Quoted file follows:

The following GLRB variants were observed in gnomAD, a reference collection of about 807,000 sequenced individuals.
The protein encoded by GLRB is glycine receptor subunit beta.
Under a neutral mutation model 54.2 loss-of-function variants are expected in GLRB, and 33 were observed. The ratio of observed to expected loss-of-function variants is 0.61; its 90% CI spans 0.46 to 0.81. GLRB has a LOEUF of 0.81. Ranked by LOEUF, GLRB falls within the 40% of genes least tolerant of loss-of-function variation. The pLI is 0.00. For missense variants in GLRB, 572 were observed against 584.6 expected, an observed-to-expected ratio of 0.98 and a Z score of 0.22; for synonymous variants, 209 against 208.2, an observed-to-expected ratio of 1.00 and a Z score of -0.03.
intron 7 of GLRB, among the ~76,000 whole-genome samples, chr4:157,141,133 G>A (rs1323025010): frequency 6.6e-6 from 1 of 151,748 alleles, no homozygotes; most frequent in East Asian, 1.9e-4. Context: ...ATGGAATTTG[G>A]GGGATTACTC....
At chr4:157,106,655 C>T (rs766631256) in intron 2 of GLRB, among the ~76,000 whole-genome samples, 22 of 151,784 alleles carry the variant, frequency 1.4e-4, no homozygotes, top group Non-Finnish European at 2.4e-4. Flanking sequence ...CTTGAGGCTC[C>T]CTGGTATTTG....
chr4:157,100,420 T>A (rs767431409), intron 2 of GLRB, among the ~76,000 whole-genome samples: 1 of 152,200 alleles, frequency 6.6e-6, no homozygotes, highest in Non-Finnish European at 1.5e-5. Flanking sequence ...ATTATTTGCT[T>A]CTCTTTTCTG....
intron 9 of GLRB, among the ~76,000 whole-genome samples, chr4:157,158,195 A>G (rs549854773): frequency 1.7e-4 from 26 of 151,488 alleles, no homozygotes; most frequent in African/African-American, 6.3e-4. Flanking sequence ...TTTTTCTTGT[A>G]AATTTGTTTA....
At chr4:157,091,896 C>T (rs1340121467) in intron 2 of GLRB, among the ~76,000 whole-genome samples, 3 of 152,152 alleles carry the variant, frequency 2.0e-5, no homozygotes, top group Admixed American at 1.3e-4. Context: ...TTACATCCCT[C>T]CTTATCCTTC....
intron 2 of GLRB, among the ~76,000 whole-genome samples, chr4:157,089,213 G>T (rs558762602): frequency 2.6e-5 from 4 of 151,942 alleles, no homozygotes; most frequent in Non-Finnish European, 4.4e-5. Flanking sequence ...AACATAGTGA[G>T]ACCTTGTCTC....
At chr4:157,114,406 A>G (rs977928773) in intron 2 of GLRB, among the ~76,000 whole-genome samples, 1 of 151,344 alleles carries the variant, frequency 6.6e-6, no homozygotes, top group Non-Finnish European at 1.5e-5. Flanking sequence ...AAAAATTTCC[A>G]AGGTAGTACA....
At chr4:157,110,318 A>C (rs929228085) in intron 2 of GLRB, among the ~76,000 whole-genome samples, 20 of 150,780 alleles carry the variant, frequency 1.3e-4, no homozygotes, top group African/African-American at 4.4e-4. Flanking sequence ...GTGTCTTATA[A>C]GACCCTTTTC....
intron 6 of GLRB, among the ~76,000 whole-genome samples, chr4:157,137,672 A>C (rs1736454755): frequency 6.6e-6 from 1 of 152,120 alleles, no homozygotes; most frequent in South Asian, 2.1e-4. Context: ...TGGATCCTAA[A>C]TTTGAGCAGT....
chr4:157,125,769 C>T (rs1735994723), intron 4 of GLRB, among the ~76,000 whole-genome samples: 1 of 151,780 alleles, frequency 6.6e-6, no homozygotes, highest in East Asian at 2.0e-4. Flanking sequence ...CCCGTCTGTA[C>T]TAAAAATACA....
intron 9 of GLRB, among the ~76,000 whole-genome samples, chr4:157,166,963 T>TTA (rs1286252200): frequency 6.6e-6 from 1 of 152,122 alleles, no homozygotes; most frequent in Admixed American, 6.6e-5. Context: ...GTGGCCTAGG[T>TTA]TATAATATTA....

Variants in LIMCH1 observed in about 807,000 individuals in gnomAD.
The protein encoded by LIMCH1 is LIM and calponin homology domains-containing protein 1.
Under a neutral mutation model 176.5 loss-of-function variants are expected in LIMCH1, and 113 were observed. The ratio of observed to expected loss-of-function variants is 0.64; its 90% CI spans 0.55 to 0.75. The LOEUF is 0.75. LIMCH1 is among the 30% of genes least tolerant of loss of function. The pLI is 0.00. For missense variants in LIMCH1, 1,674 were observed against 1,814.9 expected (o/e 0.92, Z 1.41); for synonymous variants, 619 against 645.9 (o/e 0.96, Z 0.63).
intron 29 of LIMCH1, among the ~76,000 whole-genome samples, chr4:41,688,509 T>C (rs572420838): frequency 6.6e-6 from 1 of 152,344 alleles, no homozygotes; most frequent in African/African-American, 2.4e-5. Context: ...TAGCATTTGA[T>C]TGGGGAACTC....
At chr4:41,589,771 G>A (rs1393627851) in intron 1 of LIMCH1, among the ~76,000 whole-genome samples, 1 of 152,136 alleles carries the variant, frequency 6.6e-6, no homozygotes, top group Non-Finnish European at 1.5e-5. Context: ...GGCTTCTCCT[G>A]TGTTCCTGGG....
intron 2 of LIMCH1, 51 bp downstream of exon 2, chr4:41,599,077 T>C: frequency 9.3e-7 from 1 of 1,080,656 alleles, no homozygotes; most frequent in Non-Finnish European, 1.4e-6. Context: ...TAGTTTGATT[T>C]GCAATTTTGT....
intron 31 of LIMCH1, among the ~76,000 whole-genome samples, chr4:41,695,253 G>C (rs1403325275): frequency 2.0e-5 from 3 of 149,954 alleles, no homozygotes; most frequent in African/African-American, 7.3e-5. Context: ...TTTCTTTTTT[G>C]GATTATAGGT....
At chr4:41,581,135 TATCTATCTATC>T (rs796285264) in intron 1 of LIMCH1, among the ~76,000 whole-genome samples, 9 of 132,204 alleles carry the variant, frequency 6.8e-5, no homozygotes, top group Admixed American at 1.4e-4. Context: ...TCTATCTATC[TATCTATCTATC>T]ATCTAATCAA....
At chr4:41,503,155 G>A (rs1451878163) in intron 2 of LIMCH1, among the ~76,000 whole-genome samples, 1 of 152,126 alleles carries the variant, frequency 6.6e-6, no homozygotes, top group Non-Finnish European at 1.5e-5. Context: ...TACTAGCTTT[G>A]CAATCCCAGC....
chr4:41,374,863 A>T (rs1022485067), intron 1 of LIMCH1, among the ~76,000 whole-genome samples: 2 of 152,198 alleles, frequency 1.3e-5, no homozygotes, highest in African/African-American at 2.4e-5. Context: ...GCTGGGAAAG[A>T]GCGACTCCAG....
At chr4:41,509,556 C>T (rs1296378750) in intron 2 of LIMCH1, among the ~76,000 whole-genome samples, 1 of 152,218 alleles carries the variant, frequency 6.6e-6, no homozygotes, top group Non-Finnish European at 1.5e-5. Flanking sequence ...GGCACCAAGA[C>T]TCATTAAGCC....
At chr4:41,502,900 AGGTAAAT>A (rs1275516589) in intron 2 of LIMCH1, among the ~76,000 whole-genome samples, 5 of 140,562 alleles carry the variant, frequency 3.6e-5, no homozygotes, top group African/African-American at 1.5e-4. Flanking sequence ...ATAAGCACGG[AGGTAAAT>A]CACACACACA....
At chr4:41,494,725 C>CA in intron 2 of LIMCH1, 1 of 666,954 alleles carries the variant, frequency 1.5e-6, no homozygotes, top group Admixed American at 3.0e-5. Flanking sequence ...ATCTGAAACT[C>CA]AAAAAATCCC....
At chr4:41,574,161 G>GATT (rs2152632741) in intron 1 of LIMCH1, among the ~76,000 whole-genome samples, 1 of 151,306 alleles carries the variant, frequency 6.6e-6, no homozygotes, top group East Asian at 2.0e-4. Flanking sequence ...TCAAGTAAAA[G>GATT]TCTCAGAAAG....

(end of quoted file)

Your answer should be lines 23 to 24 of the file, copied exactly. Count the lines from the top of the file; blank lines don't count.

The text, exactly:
At chr4:41,503,155 G>A (rs1451878163) in intron 2 of LIMCH1, among the ~76,000 whole-genome samples, 1 of 152,126 alleles carries the variant, frequency 6.6e-6, no homozygotes, top group Non-Finnish European at 1.5e-5. Context: ...TACTAGCTTT[G>A]CAATCCCAGC....
chr4:41,374,863 A>T (rs1022485067), intron 1 of LIMCH1, among the ~76,000 whole-genome samples: 2 of 152,198 alleles, frequency 1.3e-5, no homozygotes, highest in African/African-American at 2.4e-5. Context: ...GCTGGGAAAG[A>T]GCGACTCCAG....